Israeli API maker Wavelength buys up majority stake in Indian firm making drug starting materials and intermediates
As the Covid-19 pandemic continues to challenge the global drug supply chain, nations are looking for new ways to enable native producers to continue scaling up. Now, an Israeli API maker is dropping a down payment into an Indian intermediates company to ramp up its own manufacturing base.
Wavelength Pharmaceuticals will pay an undisclosed sum to buy up a majority stake in Hyderabad’s Vanamali Organics, an Indian firm specializing in making drug intermediates and starting materials that will add to Wavelengths’ API contract manufacturing work, the company said in a release.
In taking control of Vanamali, Wavelength will double the firm’s production capacity and add more than 10 key regulatory starting materials and drug intermediates for Wavelength’s own strategic APIs and API CDMO customers, a Wavelength spokeswoman said by email.
As currently constituted, Vanamali employs roughly 140 works in Hyderabad, Telangana, that specialize in API starting materials and contract research, according to its website. Wavelength said the Indian firm currently sports enough capacity for research- to commercial-scale production of its drug intermediates.
“The acquisition of Vanamali Organics represents the next stage of this investment strategy,” Wavelength CEO Iftach Seri said in a statement. ” We are delighted to add their talented team and advanced development and manufacturing capabilities to Wavelength, and we expect they will be important contributors to our global supply chain network and our rapidly growing custom development and manufacturing services business.”
Wavelength, a more than 30-year-old firm based in Petah Tikva, launched its API CDMO business in early 2020 and currently sports more than 250 customers from 50 countries. The company’s contract arm churns out more than 250 metric tons of commercial APIs every year for injectables, inhalables, highly potent, cytotoxic and controlled substances, according to a release.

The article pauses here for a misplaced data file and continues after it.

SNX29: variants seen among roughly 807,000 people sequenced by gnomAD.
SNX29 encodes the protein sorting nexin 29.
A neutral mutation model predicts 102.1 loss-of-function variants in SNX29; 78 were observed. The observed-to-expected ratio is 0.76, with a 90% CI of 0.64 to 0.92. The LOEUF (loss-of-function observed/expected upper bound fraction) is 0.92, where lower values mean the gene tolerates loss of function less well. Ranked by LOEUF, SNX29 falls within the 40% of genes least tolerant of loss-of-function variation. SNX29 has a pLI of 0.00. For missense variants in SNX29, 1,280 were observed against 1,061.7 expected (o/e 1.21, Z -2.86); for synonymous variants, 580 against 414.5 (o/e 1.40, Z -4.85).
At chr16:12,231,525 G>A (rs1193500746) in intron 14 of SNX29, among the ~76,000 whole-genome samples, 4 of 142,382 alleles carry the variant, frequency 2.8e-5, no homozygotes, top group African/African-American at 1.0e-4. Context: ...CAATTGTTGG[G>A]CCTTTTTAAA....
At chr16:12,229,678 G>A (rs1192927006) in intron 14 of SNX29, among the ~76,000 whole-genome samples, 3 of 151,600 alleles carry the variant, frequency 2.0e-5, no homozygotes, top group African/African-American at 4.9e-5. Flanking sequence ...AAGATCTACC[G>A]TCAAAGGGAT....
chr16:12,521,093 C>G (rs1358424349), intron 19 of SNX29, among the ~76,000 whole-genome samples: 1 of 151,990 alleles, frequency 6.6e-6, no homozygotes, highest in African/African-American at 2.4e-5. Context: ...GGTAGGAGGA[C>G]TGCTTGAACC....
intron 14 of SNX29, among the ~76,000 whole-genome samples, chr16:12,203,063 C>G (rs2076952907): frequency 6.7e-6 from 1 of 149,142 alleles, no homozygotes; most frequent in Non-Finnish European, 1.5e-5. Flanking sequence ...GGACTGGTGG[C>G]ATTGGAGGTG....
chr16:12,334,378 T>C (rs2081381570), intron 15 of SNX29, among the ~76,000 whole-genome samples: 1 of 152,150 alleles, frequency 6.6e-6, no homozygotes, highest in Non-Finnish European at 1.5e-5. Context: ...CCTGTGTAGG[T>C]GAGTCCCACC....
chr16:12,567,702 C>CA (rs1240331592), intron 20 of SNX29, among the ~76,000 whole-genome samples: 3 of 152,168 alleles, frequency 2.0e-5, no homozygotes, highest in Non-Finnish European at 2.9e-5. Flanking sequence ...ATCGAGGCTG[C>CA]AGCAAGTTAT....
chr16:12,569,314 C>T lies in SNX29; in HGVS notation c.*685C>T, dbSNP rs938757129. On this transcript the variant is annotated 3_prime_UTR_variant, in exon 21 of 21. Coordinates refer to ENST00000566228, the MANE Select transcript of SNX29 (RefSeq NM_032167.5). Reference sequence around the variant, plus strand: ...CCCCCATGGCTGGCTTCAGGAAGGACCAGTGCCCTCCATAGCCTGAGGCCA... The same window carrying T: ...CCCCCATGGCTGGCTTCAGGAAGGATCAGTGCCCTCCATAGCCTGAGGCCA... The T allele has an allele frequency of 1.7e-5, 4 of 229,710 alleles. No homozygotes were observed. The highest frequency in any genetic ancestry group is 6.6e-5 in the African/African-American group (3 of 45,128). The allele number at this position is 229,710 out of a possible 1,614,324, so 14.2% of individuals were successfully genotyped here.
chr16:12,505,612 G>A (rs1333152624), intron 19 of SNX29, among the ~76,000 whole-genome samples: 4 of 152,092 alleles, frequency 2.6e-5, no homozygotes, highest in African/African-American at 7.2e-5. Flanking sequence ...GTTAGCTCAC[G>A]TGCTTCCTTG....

During Covid-19, the company has helped fill a void in meeting API demand for medicines used to treat patients with the virus. In April of last year, Wavelength expanded its production of API for three generic drugs— sedative midazolam, muscle relaxant cisatracurium, and paralytic rocuronium — to help keep up with hospital demand.
The company was one of many to step into the void for needed generic medicines as chronic shortages crippled access to key drugs, specifically in the early- to mid-stages of the pandemic. That shortage actually led the FDA to thaw its relationship with compounding pharmacies — which was once particularly icy — to ramp up production.
Wavelength’s growth in the API space comes as nations around the world look to develop redundant supply chains for key generic medicines amid the pandemic. India and China are two of the leading players in that game, and US legislators for months have pushed for an aggressive “onshoring” of drug production to counteract the nation’s reliance on foreign producers. Israel, a key ally to the US, could be a logical partner in that effort, but the Trump administration also took out big bets on US firms to set up shop stateside.